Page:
Date of Award
Doctor of Philosophy in Computing Sciences - (Ph.D.)
Senjuti Basu Roy
Krishna R. Pattipati
The process of complex task planning is ubiquitous and arises in a variety of compelling applications. A few leading examples include designing a personalized course plan or trip plan, designing music playlists/work sessions in web applications, or even planning routes of naval assets to collaboratively discover an unknown destination. For all of these aforementioned applications, creating a plan requires satisfying a basic construct, i.e., composing a sequence of sub-tasks (or items) that optimizes several criteria and satisfies constraints. For instance, in course planning, sub-tasks or items are core and elective courses, and degree requirements capture their complex dependencies as constraints. In trip planning, sub-tasks are points of interest (POIs) and constraints represent time and monetary budget, or user-specified requirements. Needless to say, task plans are to be individualized and designed considering uncertainty. When done manually, the process is human-intensive and tedious, and unlikely to scale. The goal of this dissertation is to present computational frameworks that synthesize the capabilities of human and AI algorithms to enable task planning at scale while satisfying multiple objectives and complex constraints.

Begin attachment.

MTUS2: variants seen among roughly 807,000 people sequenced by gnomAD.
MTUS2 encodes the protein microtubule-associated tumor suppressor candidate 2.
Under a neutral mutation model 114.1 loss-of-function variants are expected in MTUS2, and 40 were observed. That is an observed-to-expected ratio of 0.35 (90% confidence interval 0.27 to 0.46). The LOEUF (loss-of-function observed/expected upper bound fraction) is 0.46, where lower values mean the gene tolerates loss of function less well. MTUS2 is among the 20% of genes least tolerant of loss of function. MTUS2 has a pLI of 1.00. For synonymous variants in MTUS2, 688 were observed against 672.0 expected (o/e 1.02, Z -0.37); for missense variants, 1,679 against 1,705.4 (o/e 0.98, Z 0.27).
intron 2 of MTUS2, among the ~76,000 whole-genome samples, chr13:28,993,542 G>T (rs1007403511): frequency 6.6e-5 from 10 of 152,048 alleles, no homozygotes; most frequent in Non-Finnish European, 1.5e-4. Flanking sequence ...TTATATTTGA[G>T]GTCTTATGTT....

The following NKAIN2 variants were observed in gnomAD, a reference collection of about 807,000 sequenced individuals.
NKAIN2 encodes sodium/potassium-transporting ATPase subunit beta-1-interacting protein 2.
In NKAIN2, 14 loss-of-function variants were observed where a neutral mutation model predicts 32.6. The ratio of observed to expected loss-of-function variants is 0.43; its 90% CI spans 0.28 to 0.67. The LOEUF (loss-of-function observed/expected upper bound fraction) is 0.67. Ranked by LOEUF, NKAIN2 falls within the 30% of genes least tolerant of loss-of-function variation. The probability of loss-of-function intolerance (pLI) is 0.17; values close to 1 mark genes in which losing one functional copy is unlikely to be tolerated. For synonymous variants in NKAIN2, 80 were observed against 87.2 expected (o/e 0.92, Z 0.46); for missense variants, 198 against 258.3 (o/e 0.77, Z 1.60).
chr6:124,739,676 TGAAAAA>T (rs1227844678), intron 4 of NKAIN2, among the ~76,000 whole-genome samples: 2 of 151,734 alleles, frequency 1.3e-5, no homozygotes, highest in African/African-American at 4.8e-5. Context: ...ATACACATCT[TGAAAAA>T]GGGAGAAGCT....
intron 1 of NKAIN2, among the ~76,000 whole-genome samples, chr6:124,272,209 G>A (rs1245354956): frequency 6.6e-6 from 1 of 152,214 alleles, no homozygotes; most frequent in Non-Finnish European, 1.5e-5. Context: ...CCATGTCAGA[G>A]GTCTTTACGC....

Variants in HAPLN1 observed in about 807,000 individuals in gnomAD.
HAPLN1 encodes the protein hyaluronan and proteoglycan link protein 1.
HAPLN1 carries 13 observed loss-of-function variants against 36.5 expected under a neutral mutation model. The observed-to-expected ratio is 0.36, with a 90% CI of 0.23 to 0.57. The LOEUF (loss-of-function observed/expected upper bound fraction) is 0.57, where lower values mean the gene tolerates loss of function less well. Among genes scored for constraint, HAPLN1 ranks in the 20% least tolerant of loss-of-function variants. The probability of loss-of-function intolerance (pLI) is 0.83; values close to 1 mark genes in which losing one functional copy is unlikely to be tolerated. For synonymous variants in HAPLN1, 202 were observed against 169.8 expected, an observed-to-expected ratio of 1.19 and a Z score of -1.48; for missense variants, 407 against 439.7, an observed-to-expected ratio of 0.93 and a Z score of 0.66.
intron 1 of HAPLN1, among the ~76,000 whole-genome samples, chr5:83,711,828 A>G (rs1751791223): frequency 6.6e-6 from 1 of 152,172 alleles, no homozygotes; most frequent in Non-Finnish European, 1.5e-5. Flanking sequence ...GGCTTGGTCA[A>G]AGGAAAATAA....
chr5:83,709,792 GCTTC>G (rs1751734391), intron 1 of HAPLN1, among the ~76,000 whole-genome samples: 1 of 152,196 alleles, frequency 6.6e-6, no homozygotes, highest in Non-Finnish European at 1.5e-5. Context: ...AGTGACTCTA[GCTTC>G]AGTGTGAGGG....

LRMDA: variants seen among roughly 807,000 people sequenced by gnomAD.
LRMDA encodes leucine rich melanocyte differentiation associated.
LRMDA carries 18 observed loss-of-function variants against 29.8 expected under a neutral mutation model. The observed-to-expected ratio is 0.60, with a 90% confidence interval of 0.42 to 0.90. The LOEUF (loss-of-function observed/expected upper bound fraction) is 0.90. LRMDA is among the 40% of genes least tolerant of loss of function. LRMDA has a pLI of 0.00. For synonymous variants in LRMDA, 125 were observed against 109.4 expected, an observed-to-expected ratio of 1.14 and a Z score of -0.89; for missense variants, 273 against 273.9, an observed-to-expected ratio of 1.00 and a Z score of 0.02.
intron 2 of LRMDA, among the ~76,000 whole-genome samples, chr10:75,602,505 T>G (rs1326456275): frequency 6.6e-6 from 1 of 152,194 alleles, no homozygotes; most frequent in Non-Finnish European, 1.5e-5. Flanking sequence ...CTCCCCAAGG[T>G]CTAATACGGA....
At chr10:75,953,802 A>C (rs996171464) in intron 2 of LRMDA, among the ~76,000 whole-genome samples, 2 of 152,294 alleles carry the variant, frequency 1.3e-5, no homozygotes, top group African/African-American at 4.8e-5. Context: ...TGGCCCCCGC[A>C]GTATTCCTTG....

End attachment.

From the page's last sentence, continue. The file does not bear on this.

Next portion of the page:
This dissertation makes significant contributions in four main areas, (i) proposing novel models, (ii) designing principled scalable algorithms, (iii) conducting rigorous experimental analysis, and (iv) deploying designed solutions in the real-world. A suite of constrained and multi-objective optimization problems has been formalized, with a focus on their applicability across diverse domains. From an algorithmic perspective, the dissertation proposes principled algorithms with theoretical guarantees adapted from discrete optimization techniques, as well as Reinforcement Learning based solutions. The memory and computational efficiency of these algorithms have been studied, and optimization opportunities have been proposed. The designed solutions are extensively evaluated on various large-scale real-world and synthetic datasets and compared against multiple baseline solutions after appropriate adaptation. This dissertation also presents user study results involving human subjects to validate the effectiveness of the proposed models. Lastly, a notable outcome of this dissertation is the deployment of one of the developed solutions at the Naval Postgraduate School. This deployment enables simultaneous route planning for multiple assets that are robust to uncertainty under multiple contexts.
Nikookar, Sepideh, "Human-AI complex task planning" (2023). Dissertations. 1683.